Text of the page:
South Africa prides itself on its variety — travellers can taste traditional dishes from an array of different cultures, take photographs of landscapes ranging from beach to desert to jagged mountains, and indulge in anything from spas and sunbathing to bungee jumping, wildlife walks or shark-cage diving. And the variety doesn’t stop there; if you’d like to spice up your nights, you can step away from the usual range of superb guest houses, lively backpacker hostels or upmarket hotels. From hanging out in an old jail cell to sleeping inside a cave, here are nine unusual places to stay in South Africa.
It might not seem like much of a holiday, but sleeping in a converted jail cell certainly makes for a more interesting travel tale than staying in yet another guest house. The Old Jail in Philippolis, a tiny town in the Free State, serves as a simple but quirky accommodation option. The bedroom-cells are far from roomy, but there are a few added luxuries that prisoners in the 19th-century town prison wouldn’t have enjoyed — comfy mattresses, a self-catering kitchen and of course, your own key. If the historical aspect appeals, but the pokey room not-so-much, try the Old Jail Bed & Breakfast in Willowmore (Eastern Cape). Here the impressive Victorian façade has been preserved, but interior walls have been knocked down and cells converted into luxury en-suite doubles.
Under the stars
The chance to spend the night outside is one available to you pretty much anywhere in the world, but South Africa takes al fresco sleepovers to a whole new level. Taking advantage of the country’s spectacular night skies, a number of upmarket lodges offer “sleepouts.” Forget about leaky tents or lumpy sleeping mats — here your entire five-star room is moved out into the wilderness, king-sized bed, bedside lamps, en-suite bathroom and all. Close to Cape Town you can indulge in the ultimate “glamping” experience at Kagga Kamma, a remote retreat in the semi-desert Karoo. Further north, particularly around Kruger National Park, there are a number of other open-air sleeping options, with the Chalkley Treehouse at Lion Sands Game Reserve perhaps offering the ultimate chance to truly experience the African wilds.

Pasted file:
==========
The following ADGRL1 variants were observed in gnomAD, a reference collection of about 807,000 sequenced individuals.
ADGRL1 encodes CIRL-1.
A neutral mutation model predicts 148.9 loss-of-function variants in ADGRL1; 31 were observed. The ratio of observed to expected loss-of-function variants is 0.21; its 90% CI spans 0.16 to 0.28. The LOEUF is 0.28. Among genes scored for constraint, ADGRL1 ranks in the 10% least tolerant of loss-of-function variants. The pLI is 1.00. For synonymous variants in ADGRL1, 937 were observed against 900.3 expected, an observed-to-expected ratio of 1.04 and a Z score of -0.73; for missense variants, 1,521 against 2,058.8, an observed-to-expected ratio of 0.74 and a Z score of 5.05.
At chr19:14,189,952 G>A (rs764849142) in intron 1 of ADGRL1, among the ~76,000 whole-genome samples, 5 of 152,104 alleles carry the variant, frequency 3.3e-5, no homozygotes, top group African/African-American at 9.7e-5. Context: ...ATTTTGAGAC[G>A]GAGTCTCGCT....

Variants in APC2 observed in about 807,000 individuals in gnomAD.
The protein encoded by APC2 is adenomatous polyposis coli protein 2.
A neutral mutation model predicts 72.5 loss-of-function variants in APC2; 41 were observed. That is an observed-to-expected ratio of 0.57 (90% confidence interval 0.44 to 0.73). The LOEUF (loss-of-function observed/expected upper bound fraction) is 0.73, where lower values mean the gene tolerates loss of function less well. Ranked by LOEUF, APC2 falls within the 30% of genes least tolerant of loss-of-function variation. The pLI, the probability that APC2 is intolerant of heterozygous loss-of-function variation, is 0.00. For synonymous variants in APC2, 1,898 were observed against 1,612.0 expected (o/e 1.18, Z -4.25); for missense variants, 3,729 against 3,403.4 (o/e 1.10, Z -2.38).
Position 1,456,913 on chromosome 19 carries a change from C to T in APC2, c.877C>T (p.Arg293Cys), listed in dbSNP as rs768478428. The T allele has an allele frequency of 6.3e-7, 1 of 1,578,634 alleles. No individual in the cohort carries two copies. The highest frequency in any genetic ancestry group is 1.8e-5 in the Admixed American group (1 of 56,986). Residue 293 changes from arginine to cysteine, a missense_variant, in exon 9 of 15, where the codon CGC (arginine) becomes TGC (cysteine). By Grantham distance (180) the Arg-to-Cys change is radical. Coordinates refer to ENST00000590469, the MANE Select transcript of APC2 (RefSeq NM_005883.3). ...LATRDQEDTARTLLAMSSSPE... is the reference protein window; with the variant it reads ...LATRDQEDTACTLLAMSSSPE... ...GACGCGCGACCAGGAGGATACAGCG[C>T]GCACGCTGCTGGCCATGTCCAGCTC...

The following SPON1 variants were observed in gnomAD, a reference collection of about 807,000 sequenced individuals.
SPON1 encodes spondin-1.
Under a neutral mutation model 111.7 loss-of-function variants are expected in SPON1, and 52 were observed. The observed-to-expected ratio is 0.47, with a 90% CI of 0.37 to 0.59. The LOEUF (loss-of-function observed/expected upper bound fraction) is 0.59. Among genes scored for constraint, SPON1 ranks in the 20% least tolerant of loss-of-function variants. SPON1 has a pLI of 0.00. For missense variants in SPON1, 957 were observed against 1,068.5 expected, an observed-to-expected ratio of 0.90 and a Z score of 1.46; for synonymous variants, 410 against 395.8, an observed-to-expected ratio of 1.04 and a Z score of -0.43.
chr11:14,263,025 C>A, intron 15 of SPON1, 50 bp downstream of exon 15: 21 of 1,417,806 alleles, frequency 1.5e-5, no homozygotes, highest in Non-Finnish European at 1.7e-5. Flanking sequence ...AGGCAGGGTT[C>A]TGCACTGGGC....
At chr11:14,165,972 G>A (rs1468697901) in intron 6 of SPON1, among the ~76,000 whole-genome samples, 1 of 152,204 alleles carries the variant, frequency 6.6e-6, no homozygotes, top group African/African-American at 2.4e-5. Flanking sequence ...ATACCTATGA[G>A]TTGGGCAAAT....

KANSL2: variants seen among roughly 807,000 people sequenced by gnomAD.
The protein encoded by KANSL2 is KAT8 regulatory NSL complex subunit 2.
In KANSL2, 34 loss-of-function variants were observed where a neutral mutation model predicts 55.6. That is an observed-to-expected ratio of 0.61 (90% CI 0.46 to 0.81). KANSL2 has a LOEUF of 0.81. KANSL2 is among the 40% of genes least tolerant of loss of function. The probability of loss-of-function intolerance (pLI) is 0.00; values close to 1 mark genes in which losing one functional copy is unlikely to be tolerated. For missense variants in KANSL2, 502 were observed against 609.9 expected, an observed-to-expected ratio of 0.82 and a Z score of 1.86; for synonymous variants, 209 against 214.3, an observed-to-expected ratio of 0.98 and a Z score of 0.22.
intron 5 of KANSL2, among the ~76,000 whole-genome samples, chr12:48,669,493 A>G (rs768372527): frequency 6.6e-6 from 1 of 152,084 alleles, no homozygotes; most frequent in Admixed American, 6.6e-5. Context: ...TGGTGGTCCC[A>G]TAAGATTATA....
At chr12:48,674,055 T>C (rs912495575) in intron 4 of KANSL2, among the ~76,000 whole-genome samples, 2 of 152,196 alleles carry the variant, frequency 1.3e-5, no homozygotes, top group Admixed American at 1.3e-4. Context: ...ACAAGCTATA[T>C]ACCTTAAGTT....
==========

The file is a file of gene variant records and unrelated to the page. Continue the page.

Under a traditional roof
Corbelled houses are an idiosyncratic feature of the vast and largely empty Northern Cape. When the trekboers ventured north, they soon noted the lack of trees and quickly adapted their building methods to be timber-free. Corbelling is an intricate way of building roofs using nothing but stones, and today a few of the corbelled houses are open as guest houses, allowing you the chance to soak up the Northern Cape solitude while admiring centuries’ old handiwork.
In a cave
KwaZulu-Natal’s Drakensberg Mountains are dotted with caves offering a little more shelter than your tent might provide, but if you fancy a cave stay with a few trimmings, head for theBaviaanskloof Nature Reserve in the Eastern Cape. The Makkedaat Caves have been reinforced with timber and furnished with a few little extras — rustic kitchens, outdoor showers and a “loo with a view.” It’s the perfect way to get up close to this ruggedly beautiful corner of the country without having to forsake all home comforts.
In a wine cellar
In the Cape Winelands you can ride horses or bikes through the vineyards, sip wines paired with chocolate, cheese or marshmallows, dine in world class restaurants or bathe in grape juice at a luxury spa. A lesser-known fact though, is that you can also sleep in a disused wine cellar. Nuy Valley winery, between the towns of Worcester and Robertson, offers basic backpacker accommodation in the one-time wine cellar. Claustrophobics and those who really feel the cold might want to look for other places to stay in South Africa, but those ticking off cool places to stay will love it here.